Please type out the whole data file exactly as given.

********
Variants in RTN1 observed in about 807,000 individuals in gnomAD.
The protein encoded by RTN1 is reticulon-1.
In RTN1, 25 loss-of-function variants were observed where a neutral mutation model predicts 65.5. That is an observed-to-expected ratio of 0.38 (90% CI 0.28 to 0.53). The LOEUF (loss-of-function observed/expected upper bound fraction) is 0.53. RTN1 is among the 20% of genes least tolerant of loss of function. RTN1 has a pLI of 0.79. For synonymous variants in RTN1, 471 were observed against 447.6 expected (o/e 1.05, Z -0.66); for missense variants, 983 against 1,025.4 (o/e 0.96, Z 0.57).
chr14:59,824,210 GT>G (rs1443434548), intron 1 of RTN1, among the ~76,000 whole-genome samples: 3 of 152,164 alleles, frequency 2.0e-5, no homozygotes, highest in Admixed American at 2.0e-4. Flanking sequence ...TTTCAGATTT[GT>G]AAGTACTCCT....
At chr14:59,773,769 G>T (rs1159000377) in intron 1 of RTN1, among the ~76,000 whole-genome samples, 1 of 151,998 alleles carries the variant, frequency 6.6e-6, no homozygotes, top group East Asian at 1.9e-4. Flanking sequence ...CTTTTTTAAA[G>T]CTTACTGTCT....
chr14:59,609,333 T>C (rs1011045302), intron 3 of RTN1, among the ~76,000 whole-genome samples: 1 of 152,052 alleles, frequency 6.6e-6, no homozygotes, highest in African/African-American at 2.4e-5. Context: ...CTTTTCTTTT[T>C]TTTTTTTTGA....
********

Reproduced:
Variants in RTN1 observed in about 807,000 individuals in gnomAD.
The protein encoded by RTN1 is reticulon-1.
In RTN1, 25 loss-of-function variants were observed where a neutral mutation model predicts 65.5. That is an observed-to-expected ratio of 0.38 (90% CI 0.28 to 0.53). The LOEUF (loss-of-function observed/expected upper bound fraction) is 0.53. RTN1 is among the 20% of genes least tolerant of loss of function. RTN1 has a pLI of 0.79. For synonymous variants in RTN1, 471 were observed against 447.6 expected (o/e 1.05, Z -0.66); for missense variants, 983 against 1,025.4 (o/e 0.96, Z 0.57).
chr14:59,824,210 GT>G (rs1443434548), intron 1 of RTN1, among the ~76,000 whole-genome samples: 3 of 152,164 alleles, frequency 2.0e-5, no homozygotes, highest in Admixed American at 2.0e-4. Flanking sequence ...TTTCAGATTT[GT>G]AAGTACTCCT....
At chr14:59,773,769 G>T (rs1159000377) in intron 1 of RTN1, among the ~76,000 whole-genome samples, 1 of 151,998 alleles carries the variant, frequency 6.6e-6, no homozygotes, top group East Asian at 1.9e-4. Flanking sequence ...CTTTTTTAAA[G>T]CTTACTGTCT....
chr14:59,609,333 T>C (rs1011045302), intron 3 of RTN1, among the ~76,000 whole-genome samples: 1 of 152,052 alleles, frequency 6.6e-6, no homozygotes, highest in African/African-American at 2.4e-5. Context: ...CTTTTCTTTT[T>C]TTTTTTTTGA....